The system being tested is a 15 drive raidz3 setup with 4TB drives running kernel 3.13.2 (non-hardened for testing).
The encryption algorithm
I was previously using cbc-essiv, this causes I found (via a simple scrub test) that it caused my performance to be about 10% lower then xts-plain64.
cbc-essiv was slow because it needed to read the previous block in order to write the current one.
I chose xts-plain64 even though there are known attacks against it.
XTS mode is susceptible to data manipulation and tampering, and applications must employ measures to detect modifications of data if manipulation and tampering is a concern: "...since there are no authentication tags then any ciphertext (original or modified by attacker) will be decrypted as some plaintext and there is no built-in mechanism to detect alterations. The best that can be done is to ensure that any alteration of the ciphertext will completely randomize the plaintext, and rely on the application that uses this transform to include sufficient redundancy in its plaintext to detect and discard such random plaintexts." The mode is also susceptible to traffic analysis, replay, and sector randomization attacks.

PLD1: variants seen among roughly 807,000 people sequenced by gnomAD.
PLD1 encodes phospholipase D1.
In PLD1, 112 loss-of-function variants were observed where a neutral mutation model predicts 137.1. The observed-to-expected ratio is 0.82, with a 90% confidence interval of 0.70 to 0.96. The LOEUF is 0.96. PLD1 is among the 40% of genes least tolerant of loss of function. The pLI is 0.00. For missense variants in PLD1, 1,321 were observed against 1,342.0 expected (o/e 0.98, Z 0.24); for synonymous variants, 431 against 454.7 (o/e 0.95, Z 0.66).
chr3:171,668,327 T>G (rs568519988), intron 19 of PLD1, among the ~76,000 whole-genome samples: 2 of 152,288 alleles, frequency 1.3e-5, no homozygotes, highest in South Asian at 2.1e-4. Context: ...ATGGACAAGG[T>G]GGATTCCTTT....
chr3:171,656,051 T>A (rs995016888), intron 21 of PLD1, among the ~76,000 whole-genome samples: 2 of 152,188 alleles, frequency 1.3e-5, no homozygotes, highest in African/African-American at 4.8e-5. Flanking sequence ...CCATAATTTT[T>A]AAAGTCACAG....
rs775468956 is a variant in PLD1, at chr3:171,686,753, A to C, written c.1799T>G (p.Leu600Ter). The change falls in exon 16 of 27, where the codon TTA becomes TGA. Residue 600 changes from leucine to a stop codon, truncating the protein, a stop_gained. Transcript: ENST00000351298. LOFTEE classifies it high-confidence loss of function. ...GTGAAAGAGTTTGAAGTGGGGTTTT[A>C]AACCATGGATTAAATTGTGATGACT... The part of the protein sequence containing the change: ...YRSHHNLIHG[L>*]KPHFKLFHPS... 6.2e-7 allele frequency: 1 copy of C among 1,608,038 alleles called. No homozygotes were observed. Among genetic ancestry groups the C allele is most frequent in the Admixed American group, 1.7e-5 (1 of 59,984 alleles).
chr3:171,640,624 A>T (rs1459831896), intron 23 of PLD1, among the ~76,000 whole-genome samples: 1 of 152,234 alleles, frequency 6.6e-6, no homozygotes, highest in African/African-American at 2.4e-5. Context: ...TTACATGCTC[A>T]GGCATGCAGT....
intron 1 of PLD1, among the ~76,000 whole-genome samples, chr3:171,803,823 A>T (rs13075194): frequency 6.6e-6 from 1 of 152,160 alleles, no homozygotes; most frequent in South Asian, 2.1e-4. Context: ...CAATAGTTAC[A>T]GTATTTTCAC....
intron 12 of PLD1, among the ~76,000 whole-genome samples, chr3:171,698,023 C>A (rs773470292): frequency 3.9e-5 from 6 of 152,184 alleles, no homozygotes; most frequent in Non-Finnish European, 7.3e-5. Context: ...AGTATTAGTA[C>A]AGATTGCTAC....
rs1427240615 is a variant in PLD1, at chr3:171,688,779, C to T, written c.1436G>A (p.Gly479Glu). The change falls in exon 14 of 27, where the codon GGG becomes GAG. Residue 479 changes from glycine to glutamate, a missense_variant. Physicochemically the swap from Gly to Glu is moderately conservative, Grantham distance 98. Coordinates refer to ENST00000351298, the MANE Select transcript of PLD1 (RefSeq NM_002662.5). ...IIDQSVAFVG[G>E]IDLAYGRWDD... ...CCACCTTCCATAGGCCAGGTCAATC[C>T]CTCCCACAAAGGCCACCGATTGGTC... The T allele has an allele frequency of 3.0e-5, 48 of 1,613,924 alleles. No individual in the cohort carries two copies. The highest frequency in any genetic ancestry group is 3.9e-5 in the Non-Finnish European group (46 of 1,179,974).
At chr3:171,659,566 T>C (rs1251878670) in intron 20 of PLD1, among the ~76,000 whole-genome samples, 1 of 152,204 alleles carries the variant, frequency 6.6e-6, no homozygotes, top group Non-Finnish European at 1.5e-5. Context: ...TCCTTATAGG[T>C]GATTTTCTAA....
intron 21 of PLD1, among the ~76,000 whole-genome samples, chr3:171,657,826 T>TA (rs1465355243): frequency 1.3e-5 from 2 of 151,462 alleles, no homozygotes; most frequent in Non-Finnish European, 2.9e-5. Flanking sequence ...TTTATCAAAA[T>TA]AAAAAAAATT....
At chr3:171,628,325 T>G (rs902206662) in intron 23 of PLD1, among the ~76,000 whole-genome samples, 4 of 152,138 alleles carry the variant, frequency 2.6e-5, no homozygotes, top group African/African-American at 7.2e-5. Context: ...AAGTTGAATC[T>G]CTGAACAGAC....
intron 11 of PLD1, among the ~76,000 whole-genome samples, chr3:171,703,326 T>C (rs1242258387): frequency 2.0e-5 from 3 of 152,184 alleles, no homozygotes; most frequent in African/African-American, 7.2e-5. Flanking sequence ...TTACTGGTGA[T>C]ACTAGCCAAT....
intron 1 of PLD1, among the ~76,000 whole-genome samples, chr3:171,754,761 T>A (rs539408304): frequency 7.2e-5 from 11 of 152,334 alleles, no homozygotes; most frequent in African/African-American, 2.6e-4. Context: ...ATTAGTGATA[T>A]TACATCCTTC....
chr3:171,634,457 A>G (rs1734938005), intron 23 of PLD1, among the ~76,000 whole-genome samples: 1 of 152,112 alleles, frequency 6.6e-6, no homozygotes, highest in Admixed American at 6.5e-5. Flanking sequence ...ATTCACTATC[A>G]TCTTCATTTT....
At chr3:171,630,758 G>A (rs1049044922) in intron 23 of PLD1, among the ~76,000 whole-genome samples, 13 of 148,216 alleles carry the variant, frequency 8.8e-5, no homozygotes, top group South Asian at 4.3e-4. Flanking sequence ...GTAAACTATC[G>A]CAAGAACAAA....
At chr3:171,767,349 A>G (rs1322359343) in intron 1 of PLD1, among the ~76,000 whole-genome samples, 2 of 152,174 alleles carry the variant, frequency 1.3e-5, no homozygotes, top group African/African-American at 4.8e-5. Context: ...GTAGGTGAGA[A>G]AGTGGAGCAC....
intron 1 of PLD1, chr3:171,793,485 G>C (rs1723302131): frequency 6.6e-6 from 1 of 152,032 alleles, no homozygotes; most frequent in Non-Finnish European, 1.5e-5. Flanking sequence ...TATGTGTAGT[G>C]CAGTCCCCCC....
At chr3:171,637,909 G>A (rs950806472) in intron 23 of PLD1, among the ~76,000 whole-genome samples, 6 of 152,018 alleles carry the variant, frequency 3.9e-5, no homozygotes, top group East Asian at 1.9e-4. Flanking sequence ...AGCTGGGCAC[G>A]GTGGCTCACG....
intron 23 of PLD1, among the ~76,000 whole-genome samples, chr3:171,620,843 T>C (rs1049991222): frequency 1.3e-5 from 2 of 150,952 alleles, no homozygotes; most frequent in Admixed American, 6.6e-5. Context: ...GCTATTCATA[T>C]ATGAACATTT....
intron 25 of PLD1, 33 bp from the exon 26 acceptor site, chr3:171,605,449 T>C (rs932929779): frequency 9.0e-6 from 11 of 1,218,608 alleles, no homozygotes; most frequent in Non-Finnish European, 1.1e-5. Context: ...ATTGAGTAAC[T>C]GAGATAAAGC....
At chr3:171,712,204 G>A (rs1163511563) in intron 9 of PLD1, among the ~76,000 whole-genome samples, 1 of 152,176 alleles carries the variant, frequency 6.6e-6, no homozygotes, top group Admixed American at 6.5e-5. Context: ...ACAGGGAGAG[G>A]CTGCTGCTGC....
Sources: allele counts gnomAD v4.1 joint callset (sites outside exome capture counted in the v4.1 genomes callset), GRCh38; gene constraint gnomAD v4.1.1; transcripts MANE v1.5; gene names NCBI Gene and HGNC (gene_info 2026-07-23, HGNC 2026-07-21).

- I believe that the auth tag is double verified by both luks checksuming and zfs checksuming.
- I am not sure about the other issues (traffic analysis, replay, and sector randomization attacks).
- I do not currently consider myself up against state actors.
Setting the Elevator
I unknowningly was using cfq, this caused more load spikes, longer scrub times and higher load in general.
ZFSonLinux does set the elevator to NOOP if it is put directly on a hard disk but using LUKS interferes with this.
Here is the results of me testing via scrubs (done only once, fresh boot each time, but good enough for me...).
|Elevator||Scrub Time||Average Load15||Link to load|
|NOOP||10h42m||5.1 (ish)||NOOP Graph|
|CFQ||11h47m||6.5 (ish)||CFQ Graph|
By changing all drives to xts-plain64 and the elevators to noop my scrubs went from 360MB/s to 450MB/s (a 20% gain).